The manufacturer, partner to seven of the 10 teams, said it was baffled by the failures and had sought permission to fly in new tyres of a different specification from their French factory.
Should Michelin be denied the request, while also failing to get to the root of the problem, they said their advice would have to be a withdrawal.
"As it stands today, we would advise the teams that they shouldn't race," Michelin's Formula One head Nick Shorrock said at Indianapolis on Saturday.
"That is unless there is any new information coming through from the tests that are under way.
"If we have no further information on the product that we've got and why we had the failure yesterday, we will not allow the teams to go out and race - or propose to the teams not to go out and race," said Shorrock.
"The final decision is with the teams but our very strong advice, because we have a legal responsibility for our product, is to give them that advice and the arguments necessary to use the product in a safe manner."
Michelin supply championship leaders Renault, rivals McLaren, Williams, Toyota, BAR, Sauber and Red Bull.
Champions Ferrari use Bridgestone.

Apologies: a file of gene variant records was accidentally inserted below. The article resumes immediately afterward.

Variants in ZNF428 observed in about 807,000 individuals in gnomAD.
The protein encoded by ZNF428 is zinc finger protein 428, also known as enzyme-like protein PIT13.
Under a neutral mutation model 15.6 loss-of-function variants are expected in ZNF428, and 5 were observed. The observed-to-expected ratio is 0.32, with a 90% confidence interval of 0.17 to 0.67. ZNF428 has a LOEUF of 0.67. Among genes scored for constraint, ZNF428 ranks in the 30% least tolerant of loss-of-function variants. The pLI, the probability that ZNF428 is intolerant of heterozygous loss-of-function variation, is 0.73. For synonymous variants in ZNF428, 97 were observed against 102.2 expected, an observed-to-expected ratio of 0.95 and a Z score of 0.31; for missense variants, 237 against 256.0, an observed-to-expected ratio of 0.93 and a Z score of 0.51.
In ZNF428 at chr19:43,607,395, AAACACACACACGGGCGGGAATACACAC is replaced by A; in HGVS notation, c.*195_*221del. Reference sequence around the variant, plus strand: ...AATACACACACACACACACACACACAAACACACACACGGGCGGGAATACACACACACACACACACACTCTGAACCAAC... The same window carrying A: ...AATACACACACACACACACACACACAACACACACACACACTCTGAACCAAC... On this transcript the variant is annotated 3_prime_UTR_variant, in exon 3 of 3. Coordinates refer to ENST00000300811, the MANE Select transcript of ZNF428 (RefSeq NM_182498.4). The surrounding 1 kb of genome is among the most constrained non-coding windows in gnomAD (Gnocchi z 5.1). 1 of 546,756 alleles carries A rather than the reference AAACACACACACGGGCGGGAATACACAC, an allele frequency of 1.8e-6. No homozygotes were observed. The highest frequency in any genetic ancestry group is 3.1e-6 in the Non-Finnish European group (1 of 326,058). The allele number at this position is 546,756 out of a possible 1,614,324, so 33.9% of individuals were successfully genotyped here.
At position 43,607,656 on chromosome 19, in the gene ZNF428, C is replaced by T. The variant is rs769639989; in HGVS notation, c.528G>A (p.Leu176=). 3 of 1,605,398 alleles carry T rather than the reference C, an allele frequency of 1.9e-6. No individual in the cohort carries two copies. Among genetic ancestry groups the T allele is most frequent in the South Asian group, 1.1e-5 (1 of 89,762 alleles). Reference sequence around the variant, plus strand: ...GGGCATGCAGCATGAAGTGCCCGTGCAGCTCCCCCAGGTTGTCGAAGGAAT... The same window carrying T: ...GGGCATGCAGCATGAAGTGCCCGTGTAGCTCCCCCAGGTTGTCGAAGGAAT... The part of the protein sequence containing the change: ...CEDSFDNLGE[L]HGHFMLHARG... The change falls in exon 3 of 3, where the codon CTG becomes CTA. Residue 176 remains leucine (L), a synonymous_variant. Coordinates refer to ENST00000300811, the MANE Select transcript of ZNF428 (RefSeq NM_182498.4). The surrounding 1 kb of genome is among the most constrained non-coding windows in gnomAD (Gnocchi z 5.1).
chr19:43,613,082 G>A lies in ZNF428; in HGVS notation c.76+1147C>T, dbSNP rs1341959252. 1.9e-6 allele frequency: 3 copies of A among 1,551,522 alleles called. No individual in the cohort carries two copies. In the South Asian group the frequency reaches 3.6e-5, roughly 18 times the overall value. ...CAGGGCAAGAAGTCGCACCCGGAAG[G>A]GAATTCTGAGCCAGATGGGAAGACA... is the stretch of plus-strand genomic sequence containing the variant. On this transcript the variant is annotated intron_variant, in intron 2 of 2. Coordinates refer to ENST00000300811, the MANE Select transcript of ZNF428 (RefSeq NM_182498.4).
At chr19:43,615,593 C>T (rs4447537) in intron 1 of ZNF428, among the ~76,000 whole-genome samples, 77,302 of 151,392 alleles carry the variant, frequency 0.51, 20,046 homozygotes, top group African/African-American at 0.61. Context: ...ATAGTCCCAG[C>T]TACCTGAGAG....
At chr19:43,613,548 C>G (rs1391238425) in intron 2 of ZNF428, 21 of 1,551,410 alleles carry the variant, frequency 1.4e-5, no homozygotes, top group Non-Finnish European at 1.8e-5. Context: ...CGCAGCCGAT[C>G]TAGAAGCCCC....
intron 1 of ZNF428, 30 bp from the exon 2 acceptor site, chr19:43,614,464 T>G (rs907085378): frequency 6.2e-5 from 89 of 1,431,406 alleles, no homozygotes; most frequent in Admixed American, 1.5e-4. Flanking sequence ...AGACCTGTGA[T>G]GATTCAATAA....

Toyota's Ralf Schumacher has already been ruled out of Sunday's race after suffering one of two tyre failures in Friday practice. The German crashed into the wall at the quickest part of the circuit, the banked final corner were cars reach speeds of about 300kph.
The rules demand that teams make the same tyres last for qualifying and the race and any change would require a special dispensation. There was no immediate comment from the governing FIA.
"For as long as we can't put our finger on why we had the problem we had yesterday, it would not be responsible of us to allow our drivers to go out and race," said Shorrock. "The initial priority is one of safety for the drivers."
He said teams would use the same tyres in qualifying that they had in Saturday morning practice pending further advice.
Michelin advised teams to change set-up for Saturday's second practice but Shorrock said doubts remained about lasting a full race distance.
McLaren boss Ron Dennis suggested his team, who have led every practice session and won three of the last four races with Finland's Kimi Raikkonen, would be inclined to race.
"We wouldn't endanger a driver's life knowing that there was an unacceptable level of risk, that's a question of risk management," he said.
"Over the last few races we've had problems on our cars and you have to take a view and assess risk and this is no different.
"If I had to decide today, I think my preference would be to deal with what we know."
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